Migration from legacy systems must also be considered from a time and productivity standpoint. "Most applications can import data from third party systems and spreadsheets but the information often will require some level of user manipulation to massage it into the required format and to ensure the target system can adequately store and report the legacy information," Verloop says.
Regardless of the debate over on-demand or on-premise software, one thing is clear: users are much more demanding of workplace technology than they were a few years ago. Payne says that IT used to be a bit of a mystery, and consumers almost expected slow running systems and broken down hardware in return for the ability to automate much of their work.
"Nowadays, we go home and happily log in to Google and Amazon.com, where the interface is easy to use and simple to navigate," Payne says.
As a result, it's no longer acceptable to go into work the next day to use clunky, complex technology for work. Most HR professionals aren't IT experts, and don't expect to be bogged down in complex procedures. A good on-demand system has got to have a good user interface to be successful, Payne suggests.
"Given the amount of time users spend working with a particular system, they need to have a clear screen that can be customized to show the information they need. We also expect applications to 'just work' - it should be clear how to access information, and how to save and store details. An intuitive system rather than one that requires detailed training is no longer a nice to have, it's crucial to the success of any IT system used by non-IT people."
Weighing it up
However, it's important to remember that when it comes to HR support, one size certainly doesn't fit all. The benefits of an on-demand system are clear, but a business considering an investment should be careful to look at all available HR service delivery models, and weigh up the right choice for them.
On-premise software is reliable and scalable, so it is still the model of choice for large enterprizes. There was a time when HR modules in large Enterprize Resource Planning (ERP) implementations were cumbersome and difficult to use. That's no longer the case, although Payne admits there's still work to be done to shake off this reputation.
Another factor to consider when implementing IT to support HR is what it's actually going to be used for. It's often assumed that IT will support the processes and admin that so often weigh the HR team down. Traditionally, the biggest benefits for HR have been felt when admin like absence requests, tax forms and employee information have been automated.
When researching systems, Verloop suggests getting the needs analysis right. "Too often I see War & Peace sized RFI [Request for Information] documents that have so much in them that you'd need a small HR army to administer and maintain a HR system like what's being requested. That's fine if you're a bank, but most businesses can't afford a high HR to employees ratio, so think about what you really need and what you'll be able to manage; it will make for an easier discovery, implementation and management process."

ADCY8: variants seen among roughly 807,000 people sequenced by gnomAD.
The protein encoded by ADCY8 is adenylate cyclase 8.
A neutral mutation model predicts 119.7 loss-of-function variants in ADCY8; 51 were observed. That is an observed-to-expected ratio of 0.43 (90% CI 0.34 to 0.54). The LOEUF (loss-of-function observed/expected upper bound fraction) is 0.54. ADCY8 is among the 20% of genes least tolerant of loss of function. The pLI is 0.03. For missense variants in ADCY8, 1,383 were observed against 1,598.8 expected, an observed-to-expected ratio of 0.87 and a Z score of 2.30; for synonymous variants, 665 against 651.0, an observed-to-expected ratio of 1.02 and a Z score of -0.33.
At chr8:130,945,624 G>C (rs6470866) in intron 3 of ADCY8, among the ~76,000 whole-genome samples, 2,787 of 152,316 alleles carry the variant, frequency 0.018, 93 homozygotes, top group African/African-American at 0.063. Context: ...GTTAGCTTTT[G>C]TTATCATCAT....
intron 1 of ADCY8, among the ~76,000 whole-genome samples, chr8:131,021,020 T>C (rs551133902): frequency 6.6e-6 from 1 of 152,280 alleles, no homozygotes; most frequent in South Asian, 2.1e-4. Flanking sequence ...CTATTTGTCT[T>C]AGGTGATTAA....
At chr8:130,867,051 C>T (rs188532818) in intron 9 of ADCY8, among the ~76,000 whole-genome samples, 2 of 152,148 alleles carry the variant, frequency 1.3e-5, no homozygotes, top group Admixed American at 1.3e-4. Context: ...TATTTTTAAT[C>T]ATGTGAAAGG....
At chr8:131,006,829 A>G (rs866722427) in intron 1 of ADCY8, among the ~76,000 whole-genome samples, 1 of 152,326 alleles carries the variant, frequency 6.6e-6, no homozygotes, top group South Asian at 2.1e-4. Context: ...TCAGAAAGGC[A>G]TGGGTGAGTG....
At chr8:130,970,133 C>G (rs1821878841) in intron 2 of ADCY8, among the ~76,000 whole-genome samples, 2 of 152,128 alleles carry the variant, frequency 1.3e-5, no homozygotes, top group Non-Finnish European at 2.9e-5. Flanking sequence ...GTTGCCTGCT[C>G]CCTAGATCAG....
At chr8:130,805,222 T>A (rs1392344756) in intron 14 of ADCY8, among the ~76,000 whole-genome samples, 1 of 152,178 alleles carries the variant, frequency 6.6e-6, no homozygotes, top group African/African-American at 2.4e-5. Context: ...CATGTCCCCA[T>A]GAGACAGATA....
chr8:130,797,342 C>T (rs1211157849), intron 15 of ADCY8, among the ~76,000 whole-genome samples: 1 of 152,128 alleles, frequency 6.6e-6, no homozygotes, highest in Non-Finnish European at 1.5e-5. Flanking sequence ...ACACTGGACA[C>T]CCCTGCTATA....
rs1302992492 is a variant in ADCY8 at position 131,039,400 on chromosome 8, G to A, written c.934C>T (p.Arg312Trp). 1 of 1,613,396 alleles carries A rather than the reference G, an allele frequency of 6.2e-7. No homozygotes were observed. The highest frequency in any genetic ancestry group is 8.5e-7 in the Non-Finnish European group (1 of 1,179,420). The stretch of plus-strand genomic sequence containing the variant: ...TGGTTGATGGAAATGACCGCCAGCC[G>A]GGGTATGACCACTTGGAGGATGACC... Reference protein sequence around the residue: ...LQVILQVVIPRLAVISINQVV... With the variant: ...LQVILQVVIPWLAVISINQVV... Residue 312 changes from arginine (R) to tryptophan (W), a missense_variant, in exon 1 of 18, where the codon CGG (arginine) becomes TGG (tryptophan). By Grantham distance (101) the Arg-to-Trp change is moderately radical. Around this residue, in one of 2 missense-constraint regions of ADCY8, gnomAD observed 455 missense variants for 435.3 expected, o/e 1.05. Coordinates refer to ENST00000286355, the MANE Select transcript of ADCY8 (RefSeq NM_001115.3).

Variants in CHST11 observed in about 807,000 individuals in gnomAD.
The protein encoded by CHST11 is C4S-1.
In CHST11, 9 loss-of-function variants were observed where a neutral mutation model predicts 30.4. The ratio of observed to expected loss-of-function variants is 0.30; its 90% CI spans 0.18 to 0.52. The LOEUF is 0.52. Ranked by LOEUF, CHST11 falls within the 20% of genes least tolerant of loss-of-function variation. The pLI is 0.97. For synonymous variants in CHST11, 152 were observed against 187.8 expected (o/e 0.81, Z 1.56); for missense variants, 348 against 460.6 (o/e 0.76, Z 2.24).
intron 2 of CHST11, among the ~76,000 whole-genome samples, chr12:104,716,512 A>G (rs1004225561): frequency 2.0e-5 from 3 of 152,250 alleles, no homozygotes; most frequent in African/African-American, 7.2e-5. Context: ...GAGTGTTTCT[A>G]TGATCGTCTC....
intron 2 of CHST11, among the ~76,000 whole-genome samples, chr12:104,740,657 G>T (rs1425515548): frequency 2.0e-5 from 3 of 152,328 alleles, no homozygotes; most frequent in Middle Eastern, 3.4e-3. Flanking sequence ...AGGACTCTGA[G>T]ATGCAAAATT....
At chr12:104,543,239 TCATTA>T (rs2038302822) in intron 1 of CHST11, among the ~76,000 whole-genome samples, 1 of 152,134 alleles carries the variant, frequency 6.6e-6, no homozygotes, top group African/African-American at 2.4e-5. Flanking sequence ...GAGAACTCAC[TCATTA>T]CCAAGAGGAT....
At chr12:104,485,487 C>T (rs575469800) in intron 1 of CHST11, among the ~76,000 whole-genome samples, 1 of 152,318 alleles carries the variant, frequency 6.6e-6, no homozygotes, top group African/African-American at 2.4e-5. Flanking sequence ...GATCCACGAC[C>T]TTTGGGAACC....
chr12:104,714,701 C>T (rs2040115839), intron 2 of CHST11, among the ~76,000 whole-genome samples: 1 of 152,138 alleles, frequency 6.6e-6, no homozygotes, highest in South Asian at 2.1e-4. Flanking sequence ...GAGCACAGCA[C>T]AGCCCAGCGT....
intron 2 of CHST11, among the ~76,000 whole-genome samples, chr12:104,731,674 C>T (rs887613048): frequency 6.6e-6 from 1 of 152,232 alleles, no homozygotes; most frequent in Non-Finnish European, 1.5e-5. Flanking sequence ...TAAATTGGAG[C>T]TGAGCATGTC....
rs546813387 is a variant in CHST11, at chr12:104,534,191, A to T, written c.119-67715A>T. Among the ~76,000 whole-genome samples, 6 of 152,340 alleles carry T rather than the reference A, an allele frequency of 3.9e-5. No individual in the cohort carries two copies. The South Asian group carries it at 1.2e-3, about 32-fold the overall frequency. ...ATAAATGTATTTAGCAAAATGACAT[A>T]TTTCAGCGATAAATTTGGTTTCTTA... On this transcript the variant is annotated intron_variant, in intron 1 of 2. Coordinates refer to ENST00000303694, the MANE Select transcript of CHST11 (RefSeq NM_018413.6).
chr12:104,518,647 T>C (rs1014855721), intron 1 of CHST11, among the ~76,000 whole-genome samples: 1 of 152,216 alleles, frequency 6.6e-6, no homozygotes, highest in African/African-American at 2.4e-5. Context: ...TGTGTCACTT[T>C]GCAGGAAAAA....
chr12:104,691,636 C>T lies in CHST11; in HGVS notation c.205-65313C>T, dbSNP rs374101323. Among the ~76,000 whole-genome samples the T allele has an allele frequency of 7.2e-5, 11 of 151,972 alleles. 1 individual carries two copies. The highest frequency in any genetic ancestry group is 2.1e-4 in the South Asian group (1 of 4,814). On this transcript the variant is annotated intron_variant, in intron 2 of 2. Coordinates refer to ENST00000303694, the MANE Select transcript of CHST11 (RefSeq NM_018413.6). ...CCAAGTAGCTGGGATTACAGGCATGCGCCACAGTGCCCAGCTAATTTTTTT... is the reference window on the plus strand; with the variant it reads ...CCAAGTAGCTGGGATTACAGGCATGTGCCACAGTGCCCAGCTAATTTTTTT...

Payne adds that, increasingly, IT is being used to support the more strategic part of HR. He sees no reason to believe that strategic elements of HR, such as talent management, cannot be supported with the right IT platform.
Succession planning is perhaps the most critical issue HR will face over the next five years as the post war Baby Boomer generation retires. Unless companies are prepared, Payne warns they'll take with them a huge amount of knowledge and experience. "Managers need to be preparing whoever will take the place of these managers. Again, the long-term view of the business can't be ignored, and HR directors should be looking to technology to manage some of these processes," he says.
As a final tip, Verloop urges clients to take each vendor on their own merits: "Biggest doesn't always mean best; most clients doesn't always mean satisfaction; pretty doesn't always mean functional; and expensive doesn't always equate to quality!" he says.
On-demand technology can help manage costs, and is more easily scalable than some other delivery models. However, different models suit different companies, and Payne suggests that on-premise software has moved a long way from the "expensive dinosaur" it once was. "What is important is that when the right system is up and running, it helps prove HR's value to the rest of the business at a time when the team is needed more than ever," he says.